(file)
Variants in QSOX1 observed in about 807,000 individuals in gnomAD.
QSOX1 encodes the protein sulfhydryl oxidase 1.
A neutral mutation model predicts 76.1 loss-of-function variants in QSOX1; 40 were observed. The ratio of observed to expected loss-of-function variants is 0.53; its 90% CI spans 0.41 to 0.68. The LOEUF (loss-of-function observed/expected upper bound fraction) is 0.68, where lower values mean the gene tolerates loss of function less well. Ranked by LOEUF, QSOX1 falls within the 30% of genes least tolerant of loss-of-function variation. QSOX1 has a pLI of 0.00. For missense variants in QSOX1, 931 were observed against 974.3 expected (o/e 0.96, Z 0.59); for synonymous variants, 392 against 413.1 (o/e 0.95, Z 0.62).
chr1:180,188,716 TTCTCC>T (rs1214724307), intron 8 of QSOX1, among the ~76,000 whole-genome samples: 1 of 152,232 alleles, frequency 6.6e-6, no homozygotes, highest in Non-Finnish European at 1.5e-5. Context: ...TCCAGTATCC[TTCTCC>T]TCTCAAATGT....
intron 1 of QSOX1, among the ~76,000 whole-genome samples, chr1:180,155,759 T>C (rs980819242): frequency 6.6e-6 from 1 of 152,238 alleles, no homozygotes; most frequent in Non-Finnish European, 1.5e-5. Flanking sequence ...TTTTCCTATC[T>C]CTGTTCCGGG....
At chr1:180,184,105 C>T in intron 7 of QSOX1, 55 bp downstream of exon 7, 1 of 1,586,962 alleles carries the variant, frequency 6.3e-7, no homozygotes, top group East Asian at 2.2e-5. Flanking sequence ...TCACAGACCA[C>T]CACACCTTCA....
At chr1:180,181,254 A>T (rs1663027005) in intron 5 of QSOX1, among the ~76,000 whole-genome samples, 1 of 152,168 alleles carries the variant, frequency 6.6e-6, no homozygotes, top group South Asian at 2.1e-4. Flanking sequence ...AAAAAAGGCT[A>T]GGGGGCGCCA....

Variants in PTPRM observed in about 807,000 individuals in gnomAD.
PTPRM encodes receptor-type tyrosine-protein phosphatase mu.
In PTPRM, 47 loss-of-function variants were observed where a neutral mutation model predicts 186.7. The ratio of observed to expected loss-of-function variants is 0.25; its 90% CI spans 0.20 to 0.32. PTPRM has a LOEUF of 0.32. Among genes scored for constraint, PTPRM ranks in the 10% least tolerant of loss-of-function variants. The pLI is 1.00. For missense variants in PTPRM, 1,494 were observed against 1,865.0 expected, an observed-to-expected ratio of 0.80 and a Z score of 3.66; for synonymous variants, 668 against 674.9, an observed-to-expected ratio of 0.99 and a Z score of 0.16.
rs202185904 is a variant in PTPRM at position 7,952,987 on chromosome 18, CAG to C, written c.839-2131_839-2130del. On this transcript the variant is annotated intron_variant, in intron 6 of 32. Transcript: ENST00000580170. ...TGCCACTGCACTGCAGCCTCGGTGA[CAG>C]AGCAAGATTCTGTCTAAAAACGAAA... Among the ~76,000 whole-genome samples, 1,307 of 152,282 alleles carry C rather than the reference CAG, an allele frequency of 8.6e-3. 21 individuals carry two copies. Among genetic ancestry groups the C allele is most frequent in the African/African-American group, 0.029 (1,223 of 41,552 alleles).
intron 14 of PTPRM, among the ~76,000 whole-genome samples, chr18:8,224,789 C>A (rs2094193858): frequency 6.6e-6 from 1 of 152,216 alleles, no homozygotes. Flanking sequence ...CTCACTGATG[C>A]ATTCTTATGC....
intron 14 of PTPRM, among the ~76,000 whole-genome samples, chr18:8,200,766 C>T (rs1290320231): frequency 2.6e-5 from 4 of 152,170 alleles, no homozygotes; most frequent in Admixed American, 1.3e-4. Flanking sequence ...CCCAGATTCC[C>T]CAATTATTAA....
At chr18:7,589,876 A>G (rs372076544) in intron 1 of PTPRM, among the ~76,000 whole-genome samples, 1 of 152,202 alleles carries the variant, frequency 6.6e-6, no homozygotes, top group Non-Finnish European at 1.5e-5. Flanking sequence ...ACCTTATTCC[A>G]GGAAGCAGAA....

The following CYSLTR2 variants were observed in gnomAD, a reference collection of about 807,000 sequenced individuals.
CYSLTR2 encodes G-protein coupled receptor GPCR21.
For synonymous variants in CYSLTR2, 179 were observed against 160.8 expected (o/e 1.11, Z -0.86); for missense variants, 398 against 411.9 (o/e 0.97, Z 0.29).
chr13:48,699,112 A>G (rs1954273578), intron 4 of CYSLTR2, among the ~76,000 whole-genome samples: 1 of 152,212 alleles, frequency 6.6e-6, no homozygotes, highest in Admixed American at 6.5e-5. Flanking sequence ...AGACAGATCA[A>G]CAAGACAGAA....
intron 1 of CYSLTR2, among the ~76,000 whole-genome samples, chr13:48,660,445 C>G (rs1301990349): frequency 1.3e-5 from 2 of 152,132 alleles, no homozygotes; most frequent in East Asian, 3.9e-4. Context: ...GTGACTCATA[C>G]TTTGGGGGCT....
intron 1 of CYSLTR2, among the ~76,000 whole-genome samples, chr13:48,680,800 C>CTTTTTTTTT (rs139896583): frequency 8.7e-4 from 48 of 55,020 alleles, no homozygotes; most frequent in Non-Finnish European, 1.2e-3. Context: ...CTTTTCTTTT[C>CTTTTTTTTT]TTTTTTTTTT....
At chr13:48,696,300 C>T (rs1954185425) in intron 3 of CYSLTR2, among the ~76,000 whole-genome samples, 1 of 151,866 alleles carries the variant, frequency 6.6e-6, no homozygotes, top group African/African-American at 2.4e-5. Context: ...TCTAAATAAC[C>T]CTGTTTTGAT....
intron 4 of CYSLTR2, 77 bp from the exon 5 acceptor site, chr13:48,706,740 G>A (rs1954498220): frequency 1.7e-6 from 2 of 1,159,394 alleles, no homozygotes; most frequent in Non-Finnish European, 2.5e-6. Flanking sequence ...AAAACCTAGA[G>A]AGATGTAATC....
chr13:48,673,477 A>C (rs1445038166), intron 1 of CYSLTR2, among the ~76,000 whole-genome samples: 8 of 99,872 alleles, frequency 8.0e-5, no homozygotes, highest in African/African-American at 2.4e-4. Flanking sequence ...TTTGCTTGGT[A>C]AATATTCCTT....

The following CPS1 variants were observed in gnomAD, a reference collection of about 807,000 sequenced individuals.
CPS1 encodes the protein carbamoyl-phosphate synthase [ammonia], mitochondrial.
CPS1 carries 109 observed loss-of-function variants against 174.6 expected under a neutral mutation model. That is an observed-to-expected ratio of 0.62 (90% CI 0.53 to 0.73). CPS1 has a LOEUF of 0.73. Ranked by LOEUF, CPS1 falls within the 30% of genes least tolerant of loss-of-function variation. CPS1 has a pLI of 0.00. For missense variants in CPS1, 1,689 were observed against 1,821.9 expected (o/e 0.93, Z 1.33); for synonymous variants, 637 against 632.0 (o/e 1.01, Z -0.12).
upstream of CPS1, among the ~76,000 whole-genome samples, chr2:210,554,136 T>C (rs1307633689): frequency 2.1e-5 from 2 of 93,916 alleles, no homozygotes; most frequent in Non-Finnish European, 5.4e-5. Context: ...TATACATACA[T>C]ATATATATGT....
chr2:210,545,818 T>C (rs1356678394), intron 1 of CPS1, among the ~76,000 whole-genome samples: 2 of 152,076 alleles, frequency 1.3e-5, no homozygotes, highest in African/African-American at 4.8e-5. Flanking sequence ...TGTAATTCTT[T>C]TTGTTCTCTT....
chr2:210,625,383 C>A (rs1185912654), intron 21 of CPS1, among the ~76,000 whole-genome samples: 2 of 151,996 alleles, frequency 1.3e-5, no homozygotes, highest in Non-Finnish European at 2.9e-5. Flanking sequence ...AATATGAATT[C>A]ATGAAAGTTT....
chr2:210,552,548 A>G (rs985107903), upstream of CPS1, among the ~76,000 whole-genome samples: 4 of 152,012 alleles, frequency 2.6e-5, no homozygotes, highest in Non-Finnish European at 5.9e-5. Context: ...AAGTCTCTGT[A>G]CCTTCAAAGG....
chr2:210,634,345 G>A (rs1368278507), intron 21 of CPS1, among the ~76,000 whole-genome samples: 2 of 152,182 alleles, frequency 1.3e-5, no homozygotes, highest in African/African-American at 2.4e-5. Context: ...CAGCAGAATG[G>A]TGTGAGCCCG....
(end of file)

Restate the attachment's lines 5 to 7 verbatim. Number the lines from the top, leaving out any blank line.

intron 1 of QSOX1, among the ~76,000 whole-genome samples, chr1:180,155,759 T>C (rs980819242): frequency 6.6e-6 from 1 of 152,238 alleles, no homozygotes; most frequent in Non-Finnish European, 1.5e-5. Flanking sequence ...TTTTCCTATC[T>C]CTGTTCCGGG....
At chr1:180,184,105 C>T in intron 7 of QSOX1, 55 bp downstream of exon 7, 1 of 1,586,962 alleles carries the variant, frequency 6.3e-7, no homozygotes, top group East Asian at 2.2e-5. Flanking sequence ...TCACAGACCA[C>T]CACACCTTCA....
At chr1:180,181,254 A>T (rs1663027005) in intron 5 of QSOX1, among the ~76,000 whole-genome samples, 1 of 152,168 alleles carries the variant, frequency 6.6e-6, no homozygotes, top group South Asian at 2.1e-4. Flanking sequence ...AAAAAAGGCT[A>T]GGGGGCGCCA....